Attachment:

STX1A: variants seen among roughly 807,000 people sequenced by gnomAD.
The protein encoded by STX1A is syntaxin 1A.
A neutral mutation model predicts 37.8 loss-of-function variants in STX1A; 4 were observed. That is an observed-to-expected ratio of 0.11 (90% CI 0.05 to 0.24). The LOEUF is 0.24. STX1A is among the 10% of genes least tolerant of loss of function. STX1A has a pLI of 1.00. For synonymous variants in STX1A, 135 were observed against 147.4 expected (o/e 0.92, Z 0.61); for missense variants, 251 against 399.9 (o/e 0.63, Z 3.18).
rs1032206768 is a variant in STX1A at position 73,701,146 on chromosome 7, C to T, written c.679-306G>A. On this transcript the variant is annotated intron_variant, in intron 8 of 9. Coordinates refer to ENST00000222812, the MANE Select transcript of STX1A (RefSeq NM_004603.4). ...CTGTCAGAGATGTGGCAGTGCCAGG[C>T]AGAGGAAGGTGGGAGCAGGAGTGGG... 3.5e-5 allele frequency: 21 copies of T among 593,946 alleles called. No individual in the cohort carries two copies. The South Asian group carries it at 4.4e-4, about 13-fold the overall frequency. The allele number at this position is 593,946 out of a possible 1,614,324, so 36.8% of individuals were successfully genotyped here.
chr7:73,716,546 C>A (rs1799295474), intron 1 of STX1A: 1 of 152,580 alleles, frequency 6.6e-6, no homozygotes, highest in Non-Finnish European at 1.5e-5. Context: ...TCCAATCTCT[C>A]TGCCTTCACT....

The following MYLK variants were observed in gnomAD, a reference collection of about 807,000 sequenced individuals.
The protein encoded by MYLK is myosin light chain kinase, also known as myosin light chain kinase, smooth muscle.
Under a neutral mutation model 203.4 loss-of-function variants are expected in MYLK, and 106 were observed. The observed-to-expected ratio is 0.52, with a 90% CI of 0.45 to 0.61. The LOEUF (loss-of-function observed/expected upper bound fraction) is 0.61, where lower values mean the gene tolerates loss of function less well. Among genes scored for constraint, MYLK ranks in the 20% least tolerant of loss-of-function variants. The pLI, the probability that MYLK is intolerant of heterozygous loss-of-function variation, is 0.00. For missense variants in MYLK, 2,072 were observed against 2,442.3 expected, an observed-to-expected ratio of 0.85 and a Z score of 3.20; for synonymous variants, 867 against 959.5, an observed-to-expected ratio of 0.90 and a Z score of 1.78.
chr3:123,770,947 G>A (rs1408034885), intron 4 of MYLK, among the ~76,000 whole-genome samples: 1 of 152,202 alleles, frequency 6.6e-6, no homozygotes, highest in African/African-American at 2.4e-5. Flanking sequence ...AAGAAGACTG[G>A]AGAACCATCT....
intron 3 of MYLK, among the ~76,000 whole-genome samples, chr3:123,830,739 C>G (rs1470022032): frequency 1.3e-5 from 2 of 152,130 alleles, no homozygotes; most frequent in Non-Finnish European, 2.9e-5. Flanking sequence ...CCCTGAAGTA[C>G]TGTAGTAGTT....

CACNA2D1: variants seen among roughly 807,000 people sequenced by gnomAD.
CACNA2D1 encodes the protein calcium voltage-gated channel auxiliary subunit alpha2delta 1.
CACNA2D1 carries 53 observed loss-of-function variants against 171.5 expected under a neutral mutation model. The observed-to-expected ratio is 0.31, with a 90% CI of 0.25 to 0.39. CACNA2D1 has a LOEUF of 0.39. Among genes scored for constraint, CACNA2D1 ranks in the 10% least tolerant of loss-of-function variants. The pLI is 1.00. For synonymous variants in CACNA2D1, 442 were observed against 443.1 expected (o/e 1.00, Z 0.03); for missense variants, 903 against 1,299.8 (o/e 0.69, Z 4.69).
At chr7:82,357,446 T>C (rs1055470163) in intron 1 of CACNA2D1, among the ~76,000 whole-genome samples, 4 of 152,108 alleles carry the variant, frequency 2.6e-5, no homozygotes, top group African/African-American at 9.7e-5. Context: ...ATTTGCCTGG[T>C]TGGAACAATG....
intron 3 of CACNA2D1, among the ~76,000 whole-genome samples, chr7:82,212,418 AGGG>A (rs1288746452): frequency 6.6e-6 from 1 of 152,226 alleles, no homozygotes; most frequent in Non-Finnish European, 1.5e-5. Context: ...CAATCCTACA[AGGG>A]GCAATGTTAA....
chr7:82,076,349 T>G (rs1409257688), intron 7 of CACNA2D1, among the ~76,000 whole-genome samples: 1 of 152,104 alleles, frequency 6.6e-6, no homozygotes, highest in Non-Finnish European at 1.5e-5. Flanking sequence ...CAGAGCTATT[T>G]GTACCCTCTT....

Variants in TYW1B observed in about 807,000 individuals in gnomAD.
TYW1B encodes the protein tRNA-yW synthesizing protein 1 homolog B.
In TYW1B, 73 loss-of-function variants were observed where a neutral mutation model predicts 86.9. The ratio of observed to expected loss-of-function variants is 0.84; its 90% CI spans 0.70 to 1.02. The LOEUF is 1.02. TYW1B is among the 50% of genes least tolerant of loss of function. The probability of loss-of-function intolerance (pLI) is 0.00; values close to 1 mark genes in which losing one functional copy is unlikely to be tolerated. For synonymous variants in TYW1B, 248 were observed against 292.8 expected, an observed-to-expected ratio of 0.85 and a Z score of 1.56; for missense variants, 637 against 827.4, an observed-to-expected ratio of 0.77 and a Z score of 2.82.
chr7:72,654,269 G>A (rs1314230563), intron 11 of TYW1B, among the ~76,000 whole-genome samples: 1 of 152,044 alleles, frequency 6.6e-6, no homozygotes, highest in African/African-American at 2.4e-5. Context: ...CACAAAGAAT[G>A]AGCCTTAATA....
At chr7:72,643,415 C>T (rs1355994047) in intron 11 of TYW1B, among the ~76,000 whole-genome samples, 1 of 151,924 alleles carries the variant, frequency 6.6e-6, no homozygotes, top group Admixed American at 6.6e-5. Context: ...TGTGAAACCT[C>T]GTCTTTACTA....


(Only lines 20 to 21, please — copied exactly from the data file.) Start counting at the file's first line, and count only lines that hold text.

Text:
chr7:72,654,269 G>A (rs1314230563), intron 11 of TYW1B, among the ~76,000 whole-genome samples: 1 of 152,044 alleles, frequency 6.6e-6, no homozygotes, highest in African/African-American at 2.4e-5. Context: ...CACAAAGAAT[G>A]AGCCTTAATA....
At chr7:72,643,415 C>T (rs1355994047) in intron 11 of TYW1B, among the ~76,000 whole-genome samples, 1 of 151,924 alleles carries the variant, frequency 6.6e-6, no homozygotes, top group Admixed American at 6.6e-5. Context: ...TGTGAAACCT[C>T]GTCTTTACTA....